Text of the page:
The 4×4 Patent Tactics Book

The 4×4 Patent Tactics Book

Choose Patent Tactics That Serve Your Bigger Innovation Strategy


Patents are straightforward, right? (No, they are not.)

Open any IP textbook, or just Google “patent law”, and you will find all sorts of information about what you can or cannot do. 

According to the above sources, patents are clearly defined by fixed laws, so they should be easy enough to understand. (Well, whenever anyone says “clearly”, it is my experience that nothing is clear, at all.) 

So why are patents so difficult to put into practice? It is because patents are the products of “positive law” and not “natural law”. More on this later. 

On top of that, many people overlook that patents are only one part of innovation, and not even their most important aspect. 

Most people just apply patent tactics that do not fit into a bigger picture innovation strategy

Because of this narrow focus, many innovators only get limited advice. Their attorneys will tell them everything about patents, but nothing about how it affects their business decisions. 

Patents cannot be separated from your business. Doing this would be a recipe for failure.

Introducing the 4×4 Patent Tactics Book 

I am currently writing a book on patent tactics. It follows organically from my earlier book The 4×4 Innovation Strategy.

If you have read that book, you will know that successful innovation has four aspects, and that Intellectual Property (IP), which includes patents, is only one of the four. Actually, it is not even the most important one (and I say this, as a patent attorney).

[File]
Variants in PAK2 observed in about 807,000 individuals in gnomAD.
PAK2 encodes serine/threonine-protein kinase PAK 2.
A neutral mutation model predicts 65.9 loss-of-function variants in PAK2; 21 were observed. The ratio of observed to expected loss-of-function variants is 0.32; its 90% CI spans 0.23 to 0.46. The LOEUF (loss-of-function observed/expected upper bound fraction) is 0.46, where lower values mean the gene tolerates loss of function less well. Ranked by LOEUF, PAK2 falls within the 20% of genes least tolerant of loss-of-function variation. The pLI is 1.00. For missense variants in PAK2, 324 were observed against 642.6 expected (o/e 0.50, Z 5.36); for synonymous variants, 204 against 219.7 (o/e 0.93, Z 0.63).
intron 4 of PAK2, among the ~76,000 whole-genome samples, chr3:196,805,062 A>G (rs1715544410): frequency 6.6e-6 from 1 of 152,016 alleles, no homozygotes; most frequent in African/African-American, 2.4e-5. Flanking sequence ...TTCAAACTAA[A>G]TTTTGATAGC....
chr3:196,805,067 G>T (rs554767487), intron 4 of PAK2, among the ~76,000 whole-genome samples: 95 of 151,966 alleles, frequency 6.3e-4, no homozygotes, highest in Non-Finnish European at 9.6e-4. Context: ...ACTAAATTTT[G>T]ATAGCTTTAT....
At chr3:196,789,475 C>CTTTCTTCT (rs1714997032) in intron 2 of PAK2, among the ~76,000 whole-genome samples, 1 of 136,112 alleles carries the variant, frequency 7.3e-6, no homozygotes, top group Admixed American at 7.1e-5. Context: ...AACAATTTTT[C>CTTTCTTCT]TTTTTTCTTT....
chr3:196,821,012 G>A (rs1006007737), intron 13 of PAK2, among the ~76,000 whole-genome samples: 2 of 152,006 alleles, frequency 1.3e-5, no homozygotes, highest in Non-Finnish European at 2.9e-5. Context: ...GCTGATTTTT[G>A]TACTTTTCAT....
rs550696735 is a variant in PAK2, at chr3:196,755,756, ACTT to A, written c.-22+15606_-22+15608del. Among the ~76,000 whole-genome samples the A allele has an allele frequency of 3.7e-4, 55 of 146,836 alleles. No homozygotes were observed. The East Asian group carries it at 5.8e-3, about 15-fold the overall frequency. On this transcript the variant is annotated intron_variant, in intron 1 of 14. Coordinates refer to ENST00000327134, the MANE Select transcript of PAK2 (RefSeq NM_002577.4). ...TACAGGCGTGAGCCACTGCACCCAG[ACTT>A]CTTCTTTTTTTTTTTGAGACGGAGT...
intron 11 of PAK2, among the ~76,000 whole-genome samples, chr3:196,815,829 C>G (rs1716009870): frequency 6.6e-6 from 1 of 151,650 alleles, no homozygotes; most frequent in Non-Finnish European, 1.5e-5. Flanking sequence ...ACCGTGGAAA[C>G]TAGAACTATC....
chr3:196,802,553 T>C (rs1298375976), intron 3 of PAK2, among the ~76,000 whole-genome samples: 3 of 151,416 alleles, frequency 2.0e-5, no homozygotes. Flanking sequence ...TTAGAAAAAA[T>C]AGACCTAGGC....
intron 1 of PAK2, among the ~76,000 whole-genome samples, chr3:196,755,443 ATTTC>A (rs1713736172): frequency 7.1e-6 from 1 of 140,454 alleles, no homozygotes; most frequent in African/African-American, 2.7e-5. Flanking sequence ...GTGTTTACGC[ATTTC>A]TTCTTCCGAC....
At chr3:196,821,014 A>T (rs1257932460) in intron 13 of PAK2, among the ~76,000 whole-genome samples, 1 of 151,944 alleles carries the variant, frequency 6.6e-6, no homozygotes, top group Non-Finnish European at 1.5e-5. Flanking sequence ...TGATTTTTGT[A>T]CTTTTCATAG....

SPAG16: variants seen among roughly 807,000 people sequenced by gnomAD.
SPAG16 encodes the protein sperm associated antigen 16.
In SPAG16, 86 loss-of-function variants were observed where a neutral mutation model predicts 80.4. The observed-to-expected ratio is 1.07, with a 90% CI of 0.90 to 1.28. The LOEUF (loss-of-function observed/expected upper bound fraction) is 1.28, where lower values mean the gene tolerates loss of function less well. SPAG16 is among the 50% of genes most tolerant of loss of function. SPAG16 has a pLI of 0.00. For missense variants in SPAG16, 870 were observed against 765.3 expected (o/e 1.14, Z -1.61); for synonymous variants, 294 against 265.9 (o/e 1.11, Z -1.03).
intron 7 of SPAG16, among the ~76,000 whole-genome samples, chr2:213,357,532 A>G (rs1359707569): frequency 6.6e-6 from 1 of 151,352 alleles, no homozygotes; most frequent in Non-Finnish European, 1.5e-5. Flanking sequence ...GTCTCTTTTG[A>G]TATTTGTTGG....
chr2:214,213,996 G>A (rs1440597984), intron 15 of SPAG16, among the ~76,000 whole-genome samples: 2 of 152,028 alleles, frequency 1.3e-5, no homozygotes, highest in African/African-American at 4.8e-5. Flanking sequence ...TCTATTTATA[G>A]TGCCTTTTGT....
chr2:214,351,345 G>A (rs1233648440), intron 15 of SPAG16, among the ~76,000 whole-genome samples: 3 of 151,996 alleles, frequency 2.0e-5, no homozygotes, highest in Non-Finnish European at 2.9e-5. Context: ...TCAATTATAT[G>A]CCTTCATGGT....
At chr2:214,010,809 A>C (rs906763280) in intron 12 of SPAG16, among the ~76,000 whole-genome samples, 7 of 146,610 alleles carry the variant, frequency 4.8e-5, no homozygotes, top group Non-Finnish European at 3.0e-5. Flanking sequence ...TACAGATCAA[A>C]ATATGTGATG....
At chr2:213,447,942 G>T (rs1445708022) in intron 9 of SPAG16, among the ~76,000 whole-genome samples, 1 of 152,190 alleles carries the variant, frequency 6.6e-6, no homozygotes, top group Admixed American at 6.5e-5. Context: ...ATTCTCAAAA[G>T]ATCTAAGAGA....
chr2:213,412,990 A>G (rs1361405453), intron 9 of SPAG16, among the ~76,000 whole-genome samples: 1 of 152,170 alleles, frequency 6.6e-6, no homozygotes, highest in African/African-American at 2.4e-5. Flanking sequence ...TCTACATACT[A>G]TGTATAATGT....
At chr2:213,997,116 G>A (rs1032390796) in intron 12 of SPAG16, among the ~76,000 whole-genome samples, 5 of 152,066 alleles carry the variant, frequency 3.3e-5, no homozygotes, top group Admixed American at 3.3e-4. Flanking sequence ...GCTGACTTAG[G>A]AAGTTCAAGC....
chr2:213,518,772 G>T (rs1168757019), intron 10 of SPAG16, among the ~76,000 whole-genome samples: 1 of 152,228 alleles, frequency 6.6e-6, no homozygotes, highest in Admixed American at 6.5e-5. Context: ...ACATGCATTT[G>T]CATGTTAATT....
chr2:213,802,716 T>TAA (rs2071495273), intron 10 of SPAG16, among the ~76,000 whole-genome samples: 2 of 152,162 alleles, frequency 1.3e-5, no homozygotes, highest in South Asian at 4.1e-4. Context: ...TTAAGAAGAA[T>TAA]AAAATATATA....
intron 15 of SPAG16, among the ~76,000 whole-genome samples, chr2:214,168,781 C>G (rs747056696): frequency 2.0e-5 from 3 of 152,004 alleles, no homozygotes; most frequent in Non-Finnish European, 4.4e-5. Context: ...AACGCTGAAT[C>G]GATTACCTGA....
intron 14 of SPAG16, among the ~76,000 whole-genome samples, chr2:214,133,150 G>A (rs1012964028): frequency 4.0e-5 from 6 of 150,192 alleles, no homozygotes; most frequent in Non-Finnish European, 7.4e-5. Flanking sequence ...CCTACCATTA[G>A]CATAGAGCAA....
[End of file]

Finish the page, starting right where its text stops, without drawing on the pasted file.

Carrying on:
Still, I get questions about patents all the time. So in this book, I will focus on patents, which are only one of 25 tools in a patent attorney’s toolbox. But they are the most complicated, yet frequently demanded, IP tool. 

I find that properly helping a client with their patent application requires a lot of explanation. Important decisions must be made and clients must be well-informed if they do not want to waste their hard-earned money. 

If you are an innovator or businessman, you need to understand patents. Do not delegate these decisions to others, and especially not to the employees of your patent attorney.

Patents are difficult, non-linear problems

Patents can be harder to understand than you think, because they are non-linear problems. 

What this means is that patents cannot be considered in a vacuum. All those IP textbooks or patent law websites I mentioned earlier? They only talk about the specifics: what is a patent, how do I file a patent application, when can it get granted, etc. 

They do not even consider the bigger picture “why”:

Is a patent the best way to protect my invention? 

What are the limitations of getting a patent, in my context? 

What are the real benefits of this patent, for me, right now? 

How does it affect my go-to-market strategy? 

And my favourite question, Do I even need a patent? 

These are essential questions! Because patents need to be considered as an interlocking part of your 4×4 innovation strategy, which comprises R&D, FTO, IP and Market Validation. 

A good strategy is like a jigsaw puzzle: all the pieces (tactics) need to fit, in order to create the bigger picture. 

Strategy defines your long-term goals and how you are planning to achieve them. In other words, your strategy gives you the path toward achieving your organization’s mission. Tactics are much more concrete and are often oriented toward smaller steps and a shorter time frame along the way.